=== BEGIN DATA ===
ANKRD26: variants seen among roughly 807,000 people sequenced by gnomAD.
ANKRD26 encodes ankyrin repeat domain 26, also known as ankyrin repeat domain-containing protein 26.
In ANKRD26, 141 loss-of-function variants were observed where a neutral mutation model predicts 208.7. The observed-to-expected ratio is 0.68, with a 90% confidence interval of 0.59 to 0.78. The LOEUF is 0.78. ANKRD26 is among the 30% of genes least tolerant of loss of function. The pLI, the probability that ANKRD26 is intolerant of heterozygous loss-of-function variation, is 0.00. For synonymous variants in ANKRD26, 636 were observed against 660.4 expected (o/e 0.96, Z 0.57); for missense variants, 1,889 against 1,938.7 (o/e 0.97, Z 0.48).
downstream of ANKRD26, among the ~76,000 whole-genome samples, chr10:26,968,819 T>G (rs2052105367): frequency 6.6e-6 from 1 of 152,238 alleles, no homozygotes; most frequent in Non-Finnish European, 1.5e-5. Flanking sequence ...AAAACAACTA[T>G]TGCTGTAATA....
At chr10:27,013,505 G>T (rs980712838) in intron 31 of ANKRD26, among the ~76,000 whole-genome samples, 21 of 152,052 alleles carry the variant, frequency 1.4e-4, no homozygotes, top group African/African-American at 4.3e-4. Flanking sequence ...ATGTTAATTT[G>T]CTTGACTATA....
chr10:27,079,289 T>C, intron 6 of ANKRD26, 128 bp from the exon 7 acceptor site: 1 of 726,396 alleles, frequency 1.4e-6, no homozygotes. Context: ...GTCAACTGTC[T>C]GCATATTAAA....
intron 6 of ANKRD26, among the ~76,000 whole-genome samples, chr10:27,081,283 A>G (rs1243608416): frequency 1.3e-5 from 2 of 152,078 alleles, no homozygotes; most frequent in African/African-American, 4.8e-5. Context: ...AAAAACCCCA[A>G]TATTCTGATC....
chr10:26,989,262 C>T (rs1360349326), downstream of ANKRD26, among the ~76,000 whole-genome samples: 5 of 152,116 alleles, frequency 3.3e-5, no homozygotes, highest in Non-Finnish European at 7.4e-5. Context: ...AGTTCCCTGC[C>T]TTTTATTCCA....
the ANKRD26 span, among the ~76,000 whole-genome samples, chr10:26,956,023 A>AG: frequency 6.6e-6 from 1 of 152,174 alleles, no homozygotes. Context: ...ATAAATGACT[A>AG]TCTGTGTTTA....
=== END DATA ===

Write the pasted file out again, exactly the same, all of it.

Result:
ANKRD26: variants seen among roughly 807,000 people sequenced by gnomAD.
ANKRD26 encodes ankyrin repeat domain 26, also known as ankyrin repeat domain-containing protein 26.
In ANKRD26, 141 loss-of-function variants were observed where a neutral mutation model predicts 208.7. The observed-to-expected ratio is 0.68, with a 90% confidence interval of 0.59 to 0.78. The LOEUF is 0.78. ANKRD26 is among the 30% of genes least tolerant of loss of function. The pLI, the probability that ANKRD26 is intolerant of heterozygous loss-of-function variation, is 0.00. For synonymous variants in ANKRD26, 636 were observed against 660.4 expected (o/e 0.96, Z 0.57); for missense variants, 1,889 against 1,938.7 (o/e 0.97, Z 0.48).
downstream of ANKRD26, among the ~76,000 whole-genome samples, chr10:26,968,819 T>G (rs2052105367): frequency 6.6e-6 from 1 of 152,238 alleles, no homozygotes; most frequent in Non-Finnish European, 1.5e-5. Flanking sequence ...AAAACAACTA[T>G]TGCTGTAATA....
At chr10:27,013,505 G>T (rs980712838) in intron 31 of ANKRD26, among the ~76,000 whole-genome samples, 21 of 152,052 alleles carry the variant, frequency 1.4e-4, no homozygotes, top group African/African-American at 4.3e-4. Flanking sequence ...ATGTTAATTT[G>T]CTTGACTATA....
chr10:27,079,289 T>C, intron 6 of ANKRD26, 128 bp from the exon 7 acceptor site: 1 of 726,396 alleles, frequency 1.4e-6, no homozygotes. Context: ...GTCAACTGTC[T>C]GCATATTAAA....
intron 6 of ANKRD26, among the ~76,000 whole-genome samples, chr10:27,081,283 A>G (rs1243608416): frequency 1.3e-5 from 2 of 152,078 alleles, no homozygotes; most frequent in African/African-American, 4.8e-5. Context: ...AAAAACCCCA[A>G]TATTCTGATC....
chr10:26,989,262 C>T (rs1360349326), downstream of ANKRD26, among the ~76,000 whole-genome samples: 5 of 152,116 alleles, frequency 3.3e-5, no homozygotes, highest in Non-Finnish European at 7.4e-5. Context: ...AGTTCCCTGC[C>T]TTTTATTCCA....
the ANKRD26 span, among the ~76,000 whole-genome samples, chr10:26,956,023 A>AG: frequency 6.6e-6 from 1 of 152,174 alleles, no homozygotes. Context: ...ATAAATGACT[A>AG]TCTGTGTTTA....